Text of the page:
Wolastoqey love poem
Eli pokotahsiyin punicahkomatik
Ote piyemi wolinaqok weli tpihtaqok
Kenuk nokosanom ksihkassu
Cossolewey nit "Koselomol"!
Anatasha Lyons (as Translation intermediary)
→ French poem ←
Here is my love poem translated into Wolastoqey! There are many variants to designate this language and its other dialect!
Those are: Maliseet, Malecite, Wolastoqiyik, Maliseet-Passamaquoddy, Peskotomuhkati, Wolastoqewi, Malisit, Ma'lesit, Mareshites, Malicetes, Amalecite, Maleschite, Malecetes, Marasheete, Maleshite, passamaquoddy, Autonym : Wəlastəkwey Latuwewakon (Wəlastəkwewiyik).
The Wolastoqewi language is an Eastern Algonquian language spoken in Canada (New Brunswick) and the United States (Maine). It is divided between two very close dialects, Peskotomuhkati Latuwewakon, and Wolastoqey Latuwewakon that I present here.
The number of speakers of Maliseet is estimated at just over 400, with perhaps 70 of them speaking it as their mother tongue. This shows how much this very descriptive language is in danger today.
The culture that the colonists imposed, by the missionaries, then by the boarding schools, and today this omnipotence of English, with teaching passing through English, are at the origin of these facts.
Any language, is both the soul of a people, its culture, the memory of its culture, and its preservation through transmission. A language forms a whole with the group that speaks it.
Consequently, the Wolastoqiyik community of New Brunswick has set up a Wolastoqey teaching program in secondary schools.
Perhaps they will succeed in saving the legends that their ancestors told each other from generation to generation...stories that show their closeness to nature.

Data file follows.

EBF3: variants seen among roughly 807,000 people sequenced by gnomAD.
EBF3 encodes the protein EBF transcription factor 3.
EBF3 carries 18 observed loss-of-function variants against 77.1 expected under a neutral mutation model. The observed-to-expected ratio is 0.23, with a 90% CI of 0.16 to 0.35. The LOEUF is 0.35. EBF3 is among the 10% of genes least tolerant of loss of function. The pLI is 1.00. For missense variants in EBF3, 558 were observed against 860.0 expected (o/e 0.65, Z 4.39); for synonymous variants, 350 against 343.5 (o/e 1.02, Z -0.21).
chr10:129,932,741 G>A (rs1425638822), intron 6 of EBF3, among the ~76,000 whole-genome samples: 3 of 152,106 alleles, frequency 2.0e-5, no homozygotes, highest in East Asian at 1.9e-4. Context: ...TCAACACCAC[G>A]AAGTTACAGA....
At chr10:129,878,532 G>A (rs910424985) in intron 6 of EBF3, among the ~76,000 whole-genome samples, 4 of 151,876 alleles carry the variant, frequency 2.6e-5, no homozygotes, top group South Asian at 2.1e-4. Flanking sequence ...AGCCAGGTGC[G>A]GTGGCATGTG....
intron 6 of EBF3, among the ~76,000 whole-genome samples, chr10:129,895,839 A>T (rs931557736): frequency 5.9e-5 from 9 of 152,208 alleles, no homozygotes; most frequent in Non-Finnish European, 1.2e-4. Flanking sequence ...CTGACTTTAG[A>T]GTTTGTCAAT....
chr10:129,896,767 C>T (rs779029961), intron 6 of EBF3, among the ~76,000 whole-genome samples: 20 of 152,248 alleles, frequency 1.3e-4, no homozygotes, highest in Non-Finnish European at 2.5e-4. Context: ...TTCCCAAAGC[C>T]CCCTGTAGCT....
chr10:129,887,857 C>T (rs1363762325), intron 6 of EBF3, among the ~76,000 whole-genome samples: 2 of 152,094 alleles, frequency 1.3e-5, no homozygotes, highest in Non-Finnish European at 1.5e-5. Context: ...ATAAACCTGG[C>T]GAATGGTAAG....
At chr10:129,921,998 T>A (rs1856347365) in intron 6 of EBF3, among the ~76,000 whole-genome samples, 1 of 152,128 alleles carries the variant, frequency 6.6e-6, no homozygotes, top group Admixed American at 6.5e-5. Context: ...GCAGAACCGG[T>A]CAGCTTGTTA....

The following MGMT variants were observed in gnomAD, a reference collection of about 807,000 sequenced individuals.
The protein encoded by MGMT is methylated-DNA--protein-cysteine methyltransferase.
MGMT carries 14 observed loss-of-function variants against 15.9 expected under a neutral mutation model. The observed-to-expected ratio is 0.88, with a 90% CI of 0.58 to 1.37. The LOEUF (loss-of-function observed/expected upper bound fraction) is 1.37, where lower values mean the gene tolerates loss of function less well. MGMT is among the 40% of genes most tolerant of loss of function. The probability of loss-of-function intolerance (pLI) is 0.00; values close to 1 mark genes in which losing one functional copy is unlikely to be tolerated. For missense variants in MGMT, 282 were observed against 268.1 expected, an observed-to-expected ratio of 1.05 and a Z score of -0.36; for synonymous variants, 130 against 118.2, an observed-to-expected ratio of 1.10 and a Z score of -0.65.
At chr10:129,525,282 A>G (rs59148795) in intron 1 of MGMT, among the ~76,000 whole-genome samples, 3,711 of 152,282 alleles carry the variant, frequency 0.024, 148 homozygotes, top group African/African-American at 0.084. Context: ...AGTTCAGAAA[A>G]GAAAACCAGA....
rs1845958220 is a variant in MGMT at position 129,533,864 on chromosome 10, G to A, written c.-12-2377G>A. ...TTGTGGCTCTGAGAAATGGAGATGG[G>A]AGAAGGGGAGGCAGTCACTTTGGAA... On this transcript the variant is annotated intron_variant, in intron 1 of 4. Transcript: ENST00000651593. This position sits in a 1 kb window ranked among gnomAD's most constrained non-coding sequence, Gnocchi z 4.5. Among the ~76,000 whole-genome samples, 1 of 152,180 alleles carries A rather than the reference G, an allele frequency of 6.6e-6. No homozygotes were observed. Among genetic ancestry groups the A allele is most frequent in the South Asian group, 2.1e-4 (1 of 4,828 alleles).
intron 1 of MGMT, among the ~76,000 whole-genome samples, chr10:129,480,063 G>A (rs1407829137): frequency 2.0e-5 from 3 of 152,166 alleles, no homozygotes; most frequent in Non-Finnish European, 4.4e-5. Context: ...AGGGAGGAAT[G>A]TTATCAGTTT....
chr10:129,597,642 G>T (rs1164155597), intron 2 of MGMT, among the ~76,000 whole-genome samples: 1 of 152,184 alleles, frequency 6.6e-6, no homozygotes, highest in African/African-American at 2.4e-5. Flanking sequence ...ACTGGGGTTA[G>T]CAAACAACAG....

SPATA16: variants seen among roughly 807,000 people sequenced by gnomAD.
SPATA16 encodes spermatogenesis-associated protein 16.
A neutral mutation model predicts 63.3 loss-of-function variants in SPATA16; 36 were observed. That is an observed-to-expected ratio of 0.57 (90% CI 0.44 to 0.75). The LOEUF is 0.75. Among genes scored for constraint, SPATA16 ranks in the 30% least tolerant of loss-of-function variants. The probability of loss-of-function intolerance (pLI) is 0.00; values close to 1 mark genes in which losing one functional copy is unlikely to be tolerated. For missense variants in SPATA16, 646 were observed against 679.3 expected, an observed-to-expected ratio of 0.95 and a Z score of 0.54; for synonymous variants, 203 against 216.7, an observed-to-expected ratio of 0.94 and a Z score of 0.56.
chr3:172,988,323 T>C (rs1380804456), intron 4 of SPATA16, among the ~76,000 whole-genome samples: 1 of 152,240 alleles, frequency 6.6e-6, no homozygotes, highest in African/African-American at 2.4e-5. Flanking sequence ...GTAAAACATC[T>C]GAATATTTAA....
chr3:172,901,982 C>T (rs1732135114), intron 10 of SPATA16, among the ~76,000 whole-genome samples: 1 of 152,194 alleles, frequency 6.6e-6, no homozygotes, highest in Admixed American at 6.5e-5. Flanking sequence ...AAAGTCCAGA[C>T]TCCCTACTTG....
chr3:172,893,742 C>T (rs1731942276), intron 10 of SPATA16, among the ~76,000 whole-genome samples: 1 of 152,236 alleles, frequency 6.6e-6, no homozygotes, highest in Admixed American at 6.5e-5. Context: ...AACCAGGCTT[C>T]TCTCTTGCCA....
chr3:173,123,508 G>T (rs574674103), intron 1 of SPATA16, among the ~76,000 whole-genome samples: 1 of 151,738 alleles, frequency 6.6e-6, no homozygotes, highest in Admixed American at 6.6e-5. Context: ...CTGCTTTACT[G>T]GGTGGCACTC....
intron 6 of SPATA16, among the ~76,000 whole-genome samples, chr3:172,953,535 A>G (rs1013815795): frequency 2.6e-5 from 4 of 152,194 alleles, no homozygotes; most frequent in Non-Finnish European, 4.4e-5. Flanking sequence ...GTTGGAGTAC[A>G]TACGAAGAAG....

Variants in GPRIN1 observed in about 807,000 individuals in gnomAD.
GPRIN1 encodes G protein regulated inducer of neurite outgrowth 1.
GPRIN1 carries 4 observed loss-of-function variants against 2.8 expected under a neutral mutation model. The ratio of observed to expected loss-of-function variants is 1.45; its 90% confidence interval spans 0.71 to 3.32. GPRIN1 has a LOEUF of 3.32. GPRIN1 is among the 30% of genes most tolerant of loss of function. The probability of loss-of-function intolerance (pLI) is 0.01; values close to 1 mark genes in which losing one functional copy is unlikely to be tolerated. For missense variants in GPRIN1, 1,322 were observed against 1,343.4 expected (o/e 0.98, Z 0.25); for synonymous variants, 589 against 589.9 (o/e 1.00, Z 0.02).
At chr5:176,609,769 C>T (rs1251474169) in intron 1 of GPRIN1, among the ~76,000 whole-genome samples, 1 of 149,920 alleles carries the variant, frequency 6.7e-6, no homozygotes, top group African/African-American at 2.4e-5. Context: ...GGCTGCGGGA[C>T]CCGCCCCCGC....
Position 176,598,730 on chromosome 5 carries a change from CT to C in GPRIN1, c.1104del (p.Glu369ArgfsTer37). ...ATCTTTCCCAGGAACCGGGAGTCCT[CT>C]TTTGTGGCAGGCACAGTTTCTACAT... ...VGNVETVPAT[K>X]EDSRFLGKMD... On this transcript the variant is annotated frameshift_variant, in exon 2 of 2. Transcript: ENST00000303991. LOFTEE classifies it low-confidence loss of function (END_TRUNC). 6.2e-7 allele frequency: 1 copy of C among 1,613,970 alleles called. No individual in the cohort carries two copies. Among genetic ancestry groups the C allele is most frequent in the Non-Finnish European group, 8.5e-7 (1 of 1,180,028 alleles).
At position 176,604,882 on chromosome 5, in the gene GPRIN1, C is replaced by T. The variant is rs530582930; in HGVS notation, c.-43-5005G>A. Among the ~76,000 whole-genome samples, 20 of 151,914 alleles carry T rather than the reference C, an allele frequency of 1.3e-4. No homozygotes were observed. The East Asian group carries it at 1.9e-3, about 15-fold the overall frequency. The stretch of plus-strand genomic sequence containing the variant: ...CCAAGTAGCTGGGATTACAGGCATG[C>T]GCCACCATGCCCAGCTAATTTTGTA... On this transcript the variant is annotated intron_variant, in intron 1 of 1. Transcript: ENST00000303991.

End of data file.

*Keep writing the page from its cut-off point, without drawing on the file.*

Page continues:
It wasn't until 2008 that the Canadian Prime Minister issued a formal apology to Indigenous peoples for the past system of forced assimilation.
The Wolastoqiyik, alternatives: Wδlastδkwiyδk, Panuwapskewiyik, Penobscots, Peskotomuhkatiyik, Passamaquoddies, Woolahstukwik, Marisheetes, Merecheete, Marasheet, Wulastuk-wick, Maracheete, Ouarastegouiaks, Etchemins, have lived along the Wolastoq (St Jean) for a very long time.
Their name in their language means "those of the beautiful river". The French missionaries called them Amalecites (Malecites), a word attested by the slate tablet of Meductic.
The first encounters with Europeans were certainly during the 16th century, and the one of which we have the first trace dates from the very beginning of the 17th century with Champlain.
They were the allies of the French during the wars against the English.
Today they are divided between the United States (state of Maine... where they are less than 2000) and Canada (states of New Brunswick and Quebec... where they are less than 7000) .
They are neighbors of the Mi’kmaq, Pentagouets (Penobscot) and Abenakis, and with them form the Wabanaki confederation.